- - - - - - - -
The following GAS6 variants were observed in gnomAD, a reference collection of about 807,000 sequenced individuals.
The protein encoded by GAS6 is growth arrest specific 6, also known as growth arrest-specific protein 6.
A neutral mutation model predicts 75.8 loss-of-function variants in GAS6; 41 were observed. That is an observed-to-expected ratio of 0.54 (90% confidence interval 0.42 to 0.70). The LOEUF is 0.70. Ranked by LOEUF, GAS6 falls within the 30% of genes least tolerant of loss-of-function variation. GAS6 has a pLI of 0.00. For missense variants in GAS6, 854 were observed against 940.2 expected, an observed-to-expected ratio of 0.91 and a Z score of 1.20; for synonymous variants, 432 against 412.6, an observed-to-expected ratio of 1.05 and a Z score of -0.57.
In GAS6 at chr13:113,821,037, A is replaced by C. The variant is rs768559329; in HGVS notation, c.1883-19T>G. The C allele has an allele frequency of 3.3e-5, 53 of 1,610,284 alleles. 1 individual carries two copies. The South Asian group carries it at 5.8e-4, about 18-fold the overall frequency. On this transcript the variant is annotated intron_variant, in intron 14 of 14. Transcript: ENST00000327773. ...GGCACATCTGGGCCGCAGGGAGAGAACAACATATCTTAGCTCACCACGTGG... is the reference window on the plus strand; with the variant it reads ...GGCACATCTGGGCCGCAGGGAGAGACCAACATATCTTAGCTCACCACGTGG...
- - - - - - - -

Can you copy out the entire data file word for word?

The following GAS6 variants were observed in gnomAD, a reference collection of about 807,000 sequenced individuals.
The protein encoded by GAS6 is growth arrest specific 6, also known as growth arrest-specific protein 6.
A neutral mutation model predicts 75.8 loss-of-function variants in GAS6; 41 were observed. That is an observed-to-expected ratio of 0.54 (90% confidence interval 0.42 to 0.70). The LOEUF is 0.70. Ranked by LOEUF, GAS6 falls within the 30% of genes least tolerant of loss-of-function variation. GAS6 has a pLI of 0.00. For missense variants in GAS6, 854 were observed against 940.2 expected, an observed-to-expected ratio of 0.91 and a Z score of 1.20; for synonymous variants, 432 against 412.6, an observed-to-expected ratio of 1.05 and a Z score of -0.57.
In GAS6 at chr13:113,821,037, A is replaced by C. The variant is rs768559329; in HGVS notation, c.1883-19T>G. The C allele has an allele frequency of 3.3e-5, 53 of 1,610,284 alleles. 1 individual carries two copies. The South Asian group carries it at 5.8e-4, about 18-fold the overall frequency. On this transcript the variant is annotated intron_variant, in intron 14 of 14. Transcript: ENST00000327773. ...GGCACATCTGGGCCGCAGGGAGAGAACAACATATCTTAGCTCACCACGTGG... is the reference window on the plus strand; with the variant it reads ...GGCACATCTGGGCCGCAGGGAGAGACCAACATATCTTAGCTCACCACGTGG...